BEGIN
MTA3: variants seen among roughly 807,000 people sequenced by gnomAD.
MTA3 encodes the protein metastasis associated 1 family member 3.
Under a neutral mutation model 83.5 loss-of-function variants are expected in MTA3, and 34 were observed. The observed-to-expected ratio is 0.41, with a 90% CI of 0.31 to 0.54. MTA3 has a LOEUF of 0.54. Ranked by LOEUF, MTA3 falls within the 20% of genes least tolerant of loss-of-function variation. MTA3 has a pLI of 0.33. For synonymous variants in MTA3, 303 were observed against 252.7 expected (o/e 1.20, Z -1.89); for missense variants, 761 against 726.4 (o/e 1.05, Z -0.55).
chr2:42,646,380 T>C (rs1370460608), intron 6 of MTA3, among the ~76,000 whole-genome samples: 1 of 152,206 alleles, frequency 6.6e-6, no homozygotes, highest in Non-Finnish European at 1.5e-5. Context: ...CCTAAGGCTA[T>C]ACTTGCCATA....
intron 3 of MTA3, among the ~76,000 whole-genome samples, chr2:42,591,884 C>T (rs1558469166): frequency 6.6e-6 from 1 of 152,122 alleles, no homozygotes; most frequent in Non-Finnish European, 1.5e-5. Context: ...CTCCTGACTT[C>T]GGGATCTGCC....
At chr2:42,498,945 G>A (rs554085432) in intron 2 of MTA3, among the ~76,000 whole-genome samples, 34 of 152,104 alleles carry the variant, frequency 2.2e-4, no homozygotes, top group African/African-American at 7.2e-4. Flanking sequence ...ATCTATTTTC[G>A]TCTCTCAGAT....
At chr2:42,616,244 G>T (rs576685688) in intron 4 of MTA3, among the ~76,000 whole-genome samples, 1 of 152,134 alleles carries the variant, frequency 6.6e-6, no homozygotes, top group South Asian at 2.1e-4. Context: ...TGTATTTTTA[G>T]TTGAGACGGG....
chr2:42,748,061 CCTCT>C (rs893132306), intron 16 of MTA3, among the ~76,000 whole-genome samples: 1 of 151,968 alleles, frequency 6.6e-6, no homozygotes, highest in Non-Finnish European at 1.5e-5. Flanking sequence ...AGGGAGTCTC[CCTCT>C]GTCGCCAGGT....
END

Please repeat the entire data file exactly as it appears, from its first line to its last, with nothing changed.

MTA3: variants seen among roughly 807,000 people sequenced by gnomAD.
MTA3 encodes the protein metastasis associated 1 family member 3.
Under a neutral mutation model 83.5 loss-of-function variants are expected in MTA3, and 34 were observed. The observed-to-expected ratio is 0.41, with a 90% CI of 0.31 to 0.54. MTA3 has a LOEUF of 0.54. Ranked by LOEUF, MTA3 falls within the 20% of genes least tolerant of loss-of-function variation. MTA3 has a pLI of 0.33. For synonymous variants in MTA3, 303 were observed against 252.7 expected (o/e 1.20, Z -1.89); for missense variants, 761 against 726.4 (o/e 1.05, Z -0.55).
chr2:42,646,380 T>C (rs1370460608), intron 6 of MTA3, among the ~76,000 whole-genome samples: 1 of 152,206 alleles, frequency 6.6e-6, no homozygotes, highest in Non-Finnish European at 1.5e-5. Context: ...CCTAAGGCTA[T>C]ACTTGCCATA....
intron 3 of MTA3, among the ~76,000 whole-genome samples, chr2:42,591,884 C>T (rs1558469166): frequency 6.6e-6 from 1 of 152,122 alleles, no homozygotes; most frequent in Non-Finnish European, 1.5e-5. Context: ...CTCCTGACTT[C>T]GGGATCTGCC....
At chr2:42,498,945 G>A (rs554085432) in intron 2 of MTA3, among the ~76,000 whole-genome samples, 34 of 152,104 alleles carry the variant, frequency 2.2e-4, no homozygotes, top group African/African-American at 7.2e-4. Flanking sequence ...ATCTATTTTC[G>A]TCTCTCAGAT....
At chr2:42,616,244 G>T (rs576685688) in intron 4 of MTA3, among the ~76,000 whole-genome samples, 1 of 152,134 alleles carries the variant, frequency 6.6e-6, no homozygotes, top group South Asian at 2.1e-4. Context: ...TGTATTTTTA[G>T]TTGAGACGGG....
chr2:42,748,061 CCTCT>C (rs893132306), intron 16 of MTA3, among the ~76,000 whole-genome samples: 1 of 151,968 alleles, frequency 6.6e-6, no homozygotes, highest in Non-Finnish European at 1.5e-5. Flanking sequence ...AGGGAGTCTC[CCTCT>C]GTCGCCAGGT....